It is easy to see how businesses of every industry can benefit from wireless office phones: they're great for improving customer service and productivity. Nobody wants to phone the local department store if they can never reach the hardware person. Not even the receptionist is exempt – to miss several calls while making a copy is just not good business.

But which wireless solution is the best for a particular company's voice needs? Bennie Langenhoven, general manager at Tellumat Telecoms, the telecommunications division in the Tellumat Group, says DECT cordless phones, whether analogue or IP-based, are a good choice. Other technologies like WiFi are receiving a lot of hype, but any decision to go with WiFi phones comes with important considerations, he says.
"WiFi will definitely come strongly into play as a voice solution within three to five years, but right now there are too many failed iinstallations not to conclude that it is still an immature voice solution. The handover between base stations is far from perfect, handset battery life is still an issue, and the phones are not as rugged as a mobile phone ought to be."
He adds that a decision to go with WiFi involves a conversion to a converged (Internet Protocol-based) voice and data network, which involves significant planning and cost. "One needs proper network design – in some cases a business may even have to replace a data server in order to cater for quality of service and voice prioritisation. It is not a simple or inexpensive decision."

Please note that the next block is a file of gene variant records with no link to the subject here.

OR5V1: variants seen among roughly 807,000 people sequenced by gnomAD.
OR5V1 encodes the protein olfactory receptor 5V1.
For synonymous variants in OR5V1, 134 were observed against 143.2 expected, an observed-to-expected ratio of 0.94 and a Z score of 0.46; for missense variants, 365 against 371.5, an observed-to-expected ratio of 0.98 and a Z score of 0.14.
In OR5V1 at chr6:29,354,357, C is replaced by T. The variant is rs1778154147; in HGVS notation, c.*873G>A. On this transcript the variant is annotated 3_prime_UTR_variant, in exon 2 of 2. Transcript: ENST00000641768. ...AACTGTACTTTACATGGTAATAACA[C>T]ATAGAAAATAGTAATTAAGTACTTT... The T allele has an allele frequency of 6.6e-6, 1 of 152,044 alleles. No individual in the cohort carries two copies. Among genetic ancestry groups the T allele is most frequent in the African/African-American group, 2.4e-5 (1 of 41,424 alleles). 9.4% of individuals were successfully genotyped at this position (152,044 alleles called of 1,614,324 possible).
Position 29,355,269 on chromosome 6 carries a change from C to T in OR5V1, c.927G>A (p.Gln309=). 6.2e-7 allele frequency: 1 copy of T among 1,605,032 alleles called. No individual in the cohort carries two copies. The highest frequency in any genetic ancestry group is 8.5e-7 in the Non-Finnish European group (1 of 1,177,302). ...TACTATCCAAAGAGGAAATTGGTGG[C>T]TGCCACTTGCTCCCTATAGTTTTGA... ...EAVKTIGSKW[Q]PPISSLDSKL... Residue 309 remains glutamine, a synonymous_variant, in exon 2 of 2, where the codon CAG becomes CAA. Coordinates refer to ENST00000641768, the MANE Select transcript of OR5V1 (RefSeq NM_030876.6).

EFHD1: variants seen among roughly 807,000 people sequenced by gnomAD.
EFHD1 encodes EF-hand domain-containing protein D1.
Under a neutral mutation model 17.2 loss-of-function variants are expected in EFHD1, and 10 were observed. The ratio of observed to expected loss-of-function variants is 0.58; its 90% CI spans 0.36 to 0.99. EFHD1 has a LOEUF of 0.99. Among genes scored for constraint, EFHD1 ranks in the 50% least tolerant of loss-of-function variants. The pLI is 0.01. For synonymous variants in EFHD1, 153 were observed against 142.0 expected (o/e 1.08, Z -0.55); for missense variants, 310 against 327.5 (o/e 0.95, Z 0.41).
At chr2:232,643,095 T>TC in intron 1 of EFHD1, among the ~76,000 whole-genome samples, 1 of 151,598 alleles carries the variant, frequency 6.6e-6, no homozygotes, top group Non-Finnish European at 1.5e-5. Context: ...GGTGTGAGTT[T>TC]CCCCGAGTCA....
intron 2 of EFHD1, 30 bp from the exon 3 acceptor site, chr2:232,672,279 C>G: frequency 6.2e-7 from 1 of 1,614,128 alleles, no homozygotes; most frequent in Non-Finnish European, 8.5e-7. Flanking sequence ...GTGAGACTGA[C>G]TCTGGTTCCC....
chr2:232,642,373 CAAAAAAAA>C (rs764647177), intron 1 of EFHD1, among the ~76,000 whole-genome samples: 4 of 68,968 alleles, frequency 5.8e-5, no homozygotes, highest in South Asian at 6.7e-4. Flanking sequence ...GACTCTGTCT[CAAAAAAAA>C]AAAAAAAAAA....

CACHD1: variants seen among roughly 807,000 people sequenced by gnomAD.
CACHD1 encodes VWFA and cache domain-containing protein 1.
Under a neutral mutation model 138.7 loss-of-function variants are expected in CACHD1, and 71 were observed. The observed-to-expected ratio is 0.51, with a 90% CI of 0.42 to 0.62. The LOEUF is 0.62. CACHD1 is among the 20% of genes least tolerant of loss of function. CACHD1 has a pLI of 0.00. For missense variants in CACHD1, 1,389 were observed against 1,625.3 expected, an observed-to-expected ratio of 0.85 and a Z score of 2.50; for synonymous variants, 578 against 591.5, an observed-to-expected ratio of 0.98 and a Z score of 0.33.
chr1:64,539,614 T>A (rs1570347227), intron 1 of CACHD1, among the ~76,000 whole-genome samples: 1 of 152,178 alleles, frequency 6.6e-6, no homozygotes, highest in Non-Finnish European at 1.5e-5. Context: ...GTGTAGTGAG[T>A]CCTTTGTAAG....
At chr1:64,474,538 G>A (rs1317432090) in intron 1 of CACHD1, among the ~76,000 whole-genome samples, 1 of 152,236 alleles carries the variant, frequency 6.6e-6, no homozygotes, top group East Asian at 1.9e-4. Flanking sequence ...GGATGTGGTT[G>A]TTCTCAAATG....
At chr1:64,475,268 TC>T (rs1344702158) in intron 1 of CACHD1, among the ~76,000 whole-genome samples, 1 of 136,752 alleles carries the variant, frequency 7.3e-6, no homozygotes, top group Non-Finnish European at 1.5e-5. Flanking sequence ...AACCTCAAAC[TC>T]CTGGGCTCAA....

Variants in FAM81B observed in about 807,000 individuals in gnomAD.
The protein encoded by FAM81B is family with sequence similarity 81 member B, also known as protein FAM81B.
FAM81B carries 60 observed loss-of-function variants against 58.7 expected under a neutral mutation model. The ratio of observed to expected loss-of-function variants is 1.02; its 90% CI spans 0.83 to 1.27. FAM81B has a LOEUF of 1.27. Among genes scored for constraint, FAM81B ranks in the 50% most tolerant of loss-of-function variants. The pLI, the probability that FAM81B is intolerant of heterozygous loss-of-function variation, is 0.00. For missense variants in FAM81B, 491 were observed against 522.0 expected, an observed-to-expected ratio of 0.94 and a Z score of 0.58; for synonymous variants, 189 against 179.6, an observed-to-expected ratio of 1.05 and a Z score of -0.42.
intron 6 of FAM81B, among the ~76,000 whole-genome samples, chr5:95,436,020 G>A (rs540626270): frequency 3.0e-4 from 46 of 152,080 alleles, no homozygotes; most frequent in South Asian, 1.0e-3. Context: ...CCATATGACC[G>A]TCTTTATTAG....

DECT, on the other hand, is 100% reliable, and can be installed very quickly and easily, without disrupting the call handling equipment, he adds.
"This is important to most modern businesses, which can live or die by their phone communications. DECT phones integrate easily with any legacy PBX. It also has 25%-30% better obstacle penetration."
Langenhoven says only early adopters to whom voice communication is not mission-critical, and who can afford to take risks on the technology should consider adopting WiFi. "Perhaps the best way to approach your future-proofing is to ready your network so long, but to use DECT phones until Wi-Fi's voice issues have been resolved."
He lists a number of scenarios that can help companies decide how to implement their wireless voice solution. Buyers should ask themselves the following:
* Do you have a legacy PBX or one based on Internet Protocol (IP)? "If you have an IP PBX, design and implement the converged network so long, but use IP-based DECT phones," says Langenhoven.
* Are you driven by handsets? "Harsh working environments demand a rugged handset, and there are good rugged DECT handsets out there. Look out for other requirements, such as Icasa-type approval," he says.
* Have you made a technology decision? "If you want DECT or have a DECT infrastructure, pick the most appropriate solution based on the size of the location, the number of wireless users and the type of PBX. If you want to implement IP, keep in mind that DECT products can provide iP integration. If you want to use a wireless LAN for voice and data, a WiFi solution is appropriate, but consider the risks associated with such a solution."
* Have you already chosen a solution in line with your needs? "Then your vendor should tell you which handsets, technology [Wi-Fi or DECT] and PBX go with your choice," Langenhoven says.
* Are you in an industry with specific needs? "Your industry may prove a deciding factor in your choice," says Langenhoven. "It is important to take its specific implications of your choice into consideration."